The BLIF parser is shaping up. The core functionality is implemented; it can parse technology-mapped logic gates! These get read into an AST, which it then transformed into a hypergraph. In my original Python prototype, I used a directed graph to hold my circuits. Hypergraphs came into the SML version naturally, as BLIF uses named nets to connect the ports of gates. These named nets can connect an arbitrary number of input and output ports, and so correspond to the concept of a hyperedge.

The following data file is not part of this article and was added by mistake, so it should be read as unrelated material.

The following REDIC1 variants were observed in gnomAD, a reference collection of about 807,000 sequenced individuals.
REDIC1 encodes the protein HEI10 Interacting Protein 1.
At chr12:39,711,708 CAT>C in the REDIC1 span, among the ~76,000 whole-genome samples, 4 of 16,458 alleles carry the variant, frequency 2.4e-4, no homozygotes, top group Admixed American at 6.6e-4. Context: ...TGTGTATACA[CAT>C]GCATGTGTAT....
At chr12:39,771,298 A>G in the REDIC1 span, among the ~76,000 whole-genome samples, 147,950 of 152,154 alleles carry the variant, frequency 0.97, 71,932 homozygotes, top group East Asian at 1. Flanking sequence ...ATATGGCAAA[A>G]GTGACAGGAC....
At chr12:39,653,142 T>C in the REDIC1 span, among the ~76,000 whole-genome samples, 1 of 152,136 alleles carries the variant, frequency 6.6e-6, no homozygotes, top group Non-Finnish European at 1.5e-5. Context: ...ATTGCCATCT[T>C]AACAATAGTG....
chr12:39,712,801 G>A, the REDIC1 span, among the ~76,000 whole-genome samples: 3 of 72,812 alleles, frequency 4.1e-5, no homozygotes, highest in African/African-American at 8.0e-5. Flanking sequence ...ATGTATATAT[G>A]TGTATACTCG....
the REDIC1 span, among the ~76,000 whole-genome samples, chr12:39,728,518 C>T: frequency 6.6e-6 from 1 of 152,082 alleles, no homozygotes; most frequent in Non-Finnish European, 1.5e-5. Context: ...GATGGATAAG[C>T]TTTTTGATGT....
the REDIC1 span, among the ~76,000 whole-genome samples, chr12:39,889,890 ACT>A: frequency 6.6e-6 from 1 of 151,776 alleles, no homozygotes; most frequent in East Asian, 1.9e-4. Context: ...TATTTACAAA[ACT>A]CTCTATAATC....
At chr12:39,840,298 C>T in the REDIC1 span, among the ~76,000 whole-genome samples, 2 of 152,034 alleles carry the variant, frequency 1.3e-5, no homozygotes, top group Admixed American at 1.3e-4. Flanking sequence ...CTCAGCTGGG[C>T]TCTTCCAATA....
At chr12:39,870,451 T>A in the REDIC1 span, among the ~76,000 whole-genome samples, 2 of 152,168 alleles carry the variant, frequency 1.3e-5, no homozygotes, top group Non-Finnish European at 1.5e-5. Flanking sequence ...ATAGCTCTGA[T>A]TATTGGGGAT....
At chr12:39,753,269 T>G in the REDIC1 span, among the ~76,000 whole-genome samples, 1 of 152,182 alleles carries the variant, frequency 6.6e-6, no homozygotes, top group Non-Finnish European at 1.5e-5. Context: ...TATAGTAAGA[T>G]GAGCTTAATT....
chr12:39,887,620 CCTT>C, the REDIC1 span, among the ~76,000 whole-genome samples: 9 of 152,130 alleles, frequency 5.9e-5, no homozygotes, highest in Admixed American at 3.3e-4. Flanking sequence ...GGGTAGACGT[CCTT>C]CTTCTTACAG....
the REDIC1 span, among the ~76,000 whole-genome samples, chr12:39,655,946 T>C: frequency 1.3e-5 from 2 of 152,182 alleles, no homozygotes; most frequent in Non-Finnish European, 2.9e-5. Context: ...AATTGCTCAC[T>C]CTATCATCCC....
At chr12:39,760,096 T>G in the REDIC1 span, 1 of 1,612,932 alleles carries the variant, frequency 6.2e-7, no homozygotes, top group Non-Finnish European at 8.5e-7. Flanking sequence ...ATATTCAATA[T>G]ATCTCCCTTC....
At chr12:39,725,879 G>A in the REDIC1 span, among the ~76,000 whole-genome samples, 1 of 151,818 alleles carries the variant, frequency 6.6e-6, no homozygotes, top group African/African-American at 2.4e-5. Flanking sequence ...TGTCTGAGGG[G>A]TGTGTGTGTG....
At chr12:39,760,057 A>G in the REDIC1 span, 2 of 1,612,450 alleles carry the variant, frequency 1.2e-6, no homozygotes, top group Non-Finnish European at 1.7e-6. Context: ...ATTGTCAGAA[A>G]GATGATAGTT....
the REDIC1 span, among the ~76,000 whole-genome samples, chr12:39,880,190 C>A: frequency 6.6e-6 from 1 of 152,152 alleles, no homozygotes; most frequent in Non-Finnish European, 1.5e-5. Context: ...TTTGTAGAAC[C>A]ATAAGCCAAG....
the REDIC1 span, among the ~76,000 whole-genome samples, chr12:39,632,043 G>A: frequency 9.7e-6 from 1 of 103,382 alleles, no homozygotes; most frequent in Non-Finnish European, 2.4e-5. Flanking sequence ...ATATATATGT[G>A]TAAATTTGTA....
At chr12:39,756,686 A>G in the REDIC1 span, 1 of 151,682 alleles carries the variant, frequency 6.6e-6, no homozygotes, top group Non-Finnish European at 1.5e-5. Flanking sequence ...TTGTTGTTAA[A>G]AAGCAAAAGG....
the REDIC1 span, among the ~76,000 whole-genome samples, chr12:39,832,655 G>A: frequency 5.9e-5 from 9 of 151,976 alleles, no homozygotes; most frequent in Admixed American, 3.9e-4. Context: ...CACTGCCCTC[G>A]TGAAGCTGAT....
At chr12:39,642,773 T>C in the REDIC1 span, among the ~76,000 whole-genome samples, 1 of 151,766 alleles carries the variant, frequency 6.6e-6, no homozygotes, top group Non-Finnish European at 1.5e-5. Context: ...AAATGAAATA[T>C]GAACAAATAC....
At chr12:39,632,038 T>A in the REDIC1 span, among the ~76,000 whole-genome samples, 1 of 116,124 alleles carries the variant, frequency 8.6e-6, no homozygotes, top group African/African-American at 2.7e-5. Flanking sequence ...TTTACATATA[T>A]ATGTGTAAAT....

I have also written the core code for graph partitioning. I decided to continue using the Fiduccia-Mattheyses Algorithm. It needs some tuning of the conditions for partitioning. For example, I have hard-coded the ratio for dividing the nodes into two partitions.
Next steps: parsing LEF files, more placement logic, and DEF file printing.